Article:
Tick-Borne Co-Infections are the Rule, Not the Exception The recognition of tick-borne pathogens that are responsible for human illness is accelerating.

By Lonnie Marcum

W hile Lyme disease is the fastest growing vector-borne disease in the United States, many other bacteria, parasites, and viruses can also be transmitted by ticks.

These are generally referred to as “co-infections” of Lyme, since people often have them at the same time as Lyme disease. While U.S. cases of Lyme disease are estimated to be over 300,000 per year, no one really knows the incidence of co-infections.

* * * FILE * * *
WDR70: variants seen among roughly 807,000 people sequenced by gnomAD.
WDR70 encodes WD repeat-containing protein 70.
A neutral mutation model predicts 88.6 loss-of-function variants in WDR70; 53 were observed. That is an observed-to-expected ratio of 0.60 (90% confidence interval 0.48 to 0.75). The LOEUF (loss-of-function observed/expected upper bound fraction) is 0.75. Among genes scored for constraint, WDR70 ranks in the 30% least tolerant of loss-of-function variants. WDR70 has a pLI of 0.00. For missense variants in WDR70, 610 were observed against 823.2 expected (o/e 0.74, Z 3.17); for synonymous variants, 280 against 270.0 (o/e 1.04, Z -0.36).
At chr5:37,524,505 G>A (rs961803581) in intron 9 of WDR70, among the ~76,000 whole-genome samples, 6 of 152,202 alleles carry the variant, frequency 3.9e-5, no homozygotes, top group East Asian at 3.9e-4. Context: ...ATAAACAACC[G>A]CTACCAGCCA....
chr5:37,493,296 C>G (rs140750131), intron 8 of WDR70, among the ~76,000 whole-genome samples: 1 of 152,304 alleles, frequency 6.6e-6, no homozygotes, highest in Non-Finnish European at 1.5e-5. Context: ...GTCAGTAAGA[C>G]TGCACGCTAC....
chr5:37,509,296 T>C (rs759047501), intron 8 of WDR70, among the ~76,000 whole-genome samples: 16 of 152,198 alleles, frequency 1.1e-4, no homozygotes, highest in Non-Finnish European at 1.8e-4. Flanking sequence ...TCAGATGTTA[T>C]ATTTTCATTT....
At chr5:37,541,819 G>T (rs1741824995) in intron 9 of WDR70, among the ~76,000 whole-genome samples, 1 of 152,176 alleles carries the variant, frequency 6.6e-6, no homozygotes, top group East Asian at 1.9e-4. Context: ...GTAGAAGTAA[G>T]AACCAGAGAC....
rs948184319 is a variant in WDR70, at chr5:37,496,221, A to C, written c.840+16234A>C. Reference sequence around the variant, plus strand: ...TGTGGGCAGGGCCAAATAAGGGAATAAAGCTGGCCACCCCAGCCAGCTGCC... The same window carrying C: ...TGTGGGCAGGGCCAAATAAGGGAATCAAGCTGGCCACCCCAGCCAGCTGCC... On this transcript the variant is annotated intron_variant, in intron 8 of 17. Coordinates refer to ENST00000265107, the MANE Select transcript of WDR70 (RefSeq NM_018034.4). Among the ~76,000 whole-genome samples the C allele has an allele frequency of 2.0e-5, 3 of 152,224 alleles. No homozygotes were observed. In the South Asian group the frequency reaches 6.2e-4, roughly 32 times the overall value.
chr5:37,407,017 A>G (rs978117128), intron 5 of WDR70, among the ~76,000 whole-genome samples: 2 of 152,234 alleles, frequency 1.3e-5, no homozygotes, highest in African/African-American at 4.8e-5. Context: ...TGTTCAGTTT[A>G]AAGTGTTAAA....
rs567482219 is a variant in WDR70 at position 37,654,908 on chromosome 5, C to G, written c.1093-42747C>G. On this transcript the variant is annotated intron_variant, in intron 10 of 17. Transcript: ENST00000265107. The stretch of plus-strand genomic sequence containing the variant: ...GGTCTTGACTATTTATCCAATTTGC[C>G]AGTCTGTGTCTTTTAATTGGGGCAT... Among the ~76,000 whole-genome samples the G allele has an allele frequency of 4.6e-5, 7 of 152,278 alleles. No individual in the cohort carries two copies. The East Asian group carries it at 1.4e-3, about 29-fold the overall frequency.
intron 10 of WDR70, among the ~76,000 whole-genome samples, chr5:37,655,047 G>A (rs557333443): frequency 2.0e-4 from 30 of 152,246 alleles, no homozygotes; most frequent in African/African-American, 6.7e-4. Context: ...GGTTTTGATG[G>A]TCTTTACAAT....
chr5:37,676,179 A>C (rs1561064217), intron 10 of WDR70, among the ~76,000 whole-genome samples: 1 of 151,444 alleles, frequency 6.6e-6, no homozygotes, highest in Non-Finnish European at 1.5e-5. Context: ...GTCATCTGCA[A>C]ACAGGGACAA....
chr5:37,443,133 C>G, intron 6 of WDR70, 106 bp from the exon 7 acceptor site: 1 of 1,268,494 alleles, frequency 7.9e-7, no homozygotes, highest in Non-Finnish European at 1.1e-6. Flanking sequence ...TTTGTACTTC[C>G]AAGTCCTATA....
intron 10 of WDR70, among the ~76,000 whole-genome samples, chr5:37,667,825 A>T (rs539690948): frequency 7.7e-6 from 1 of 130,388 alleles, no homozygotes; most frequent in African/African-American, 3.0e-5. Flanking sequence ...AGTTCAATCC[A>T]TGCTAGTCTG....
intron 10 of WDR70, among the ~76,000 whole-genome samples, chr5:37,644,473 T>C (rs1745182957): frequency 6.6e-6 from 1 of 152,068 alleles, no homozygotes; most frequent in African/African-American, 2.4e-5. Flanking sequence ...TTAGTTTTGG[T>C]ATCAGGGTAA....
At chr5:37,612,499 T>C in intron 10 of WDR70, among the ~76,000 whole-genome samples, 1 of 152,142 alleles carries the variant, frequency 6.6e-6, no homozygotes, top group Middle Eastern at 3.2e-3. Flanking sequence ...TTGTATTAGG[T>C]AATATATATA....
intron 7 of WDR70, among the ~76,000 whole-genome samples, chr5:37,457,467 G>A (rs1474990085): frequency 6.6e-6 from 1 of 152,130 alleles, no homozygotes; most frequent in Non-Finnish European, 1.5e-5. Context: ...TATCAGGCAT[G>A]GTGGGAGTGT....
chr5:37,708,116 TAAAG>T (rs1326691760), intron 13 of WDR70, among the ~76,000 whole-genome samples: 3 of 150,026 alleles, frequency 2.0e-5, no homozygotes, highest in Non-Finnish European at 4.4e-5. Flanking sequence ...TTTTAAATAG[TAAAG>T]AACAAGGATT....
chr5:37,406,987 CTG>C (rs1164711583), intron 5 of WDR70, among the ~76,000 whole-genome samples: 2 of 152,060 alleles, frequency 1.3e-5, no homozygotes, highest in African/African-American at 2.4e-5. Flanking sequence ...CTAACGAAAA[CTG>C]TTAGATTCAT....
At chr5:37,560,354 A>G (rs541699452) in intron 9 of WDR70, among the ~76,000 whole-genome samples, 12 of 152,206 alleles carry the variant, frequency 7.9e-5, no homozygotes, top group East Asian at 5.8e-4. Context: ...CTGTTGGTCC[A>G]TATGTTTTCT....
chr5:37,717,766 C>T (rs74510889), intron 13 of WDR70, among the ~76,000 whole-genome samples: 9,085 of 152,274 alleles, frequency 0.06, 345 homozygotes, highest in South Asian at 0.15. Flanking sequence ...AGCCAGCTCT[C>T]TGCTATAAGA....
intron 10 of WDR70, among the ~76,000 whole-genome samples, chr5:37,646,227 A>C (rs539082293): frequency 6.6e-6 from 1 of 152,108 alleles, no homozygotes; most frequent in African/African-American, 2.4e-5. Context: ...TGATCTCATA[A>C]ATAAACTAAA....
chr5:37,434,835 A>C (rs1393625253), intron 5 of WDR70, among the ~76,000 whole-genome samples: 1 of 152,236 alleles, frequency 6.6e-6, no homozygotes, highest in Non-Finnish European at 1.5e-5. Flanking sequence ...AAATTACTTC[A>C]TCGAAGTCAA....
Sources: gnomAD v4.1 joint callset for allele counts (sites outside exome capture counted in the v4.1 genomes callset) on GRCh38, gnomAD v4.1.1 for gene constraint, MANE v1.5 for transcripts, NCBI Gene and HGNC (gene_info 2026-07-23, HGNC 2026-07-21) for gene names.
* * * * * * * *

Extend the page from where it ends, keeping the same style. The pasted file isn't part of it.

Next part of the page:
In a LymeDisease.org survey of over 3,000 patients with chronic Lyme disease, more than half reported laboratory-confirmed co-infections, with 30% having two or more. According to Dr. Richard Horowitz, “The existence of these co-infections explains why some people with Lyme remain chronically ill even after treatment.”

The most common co-infections reported with Lyme disease are Babesia (32%), Bartonella (28%), and rickettsial illnesses (26%). Rickettsial illnesses include ehrlichiosis (15%), Rocky Mountain spotted fever (6%), and anaplasmosis (5%)……… Join or login below to continue reading.

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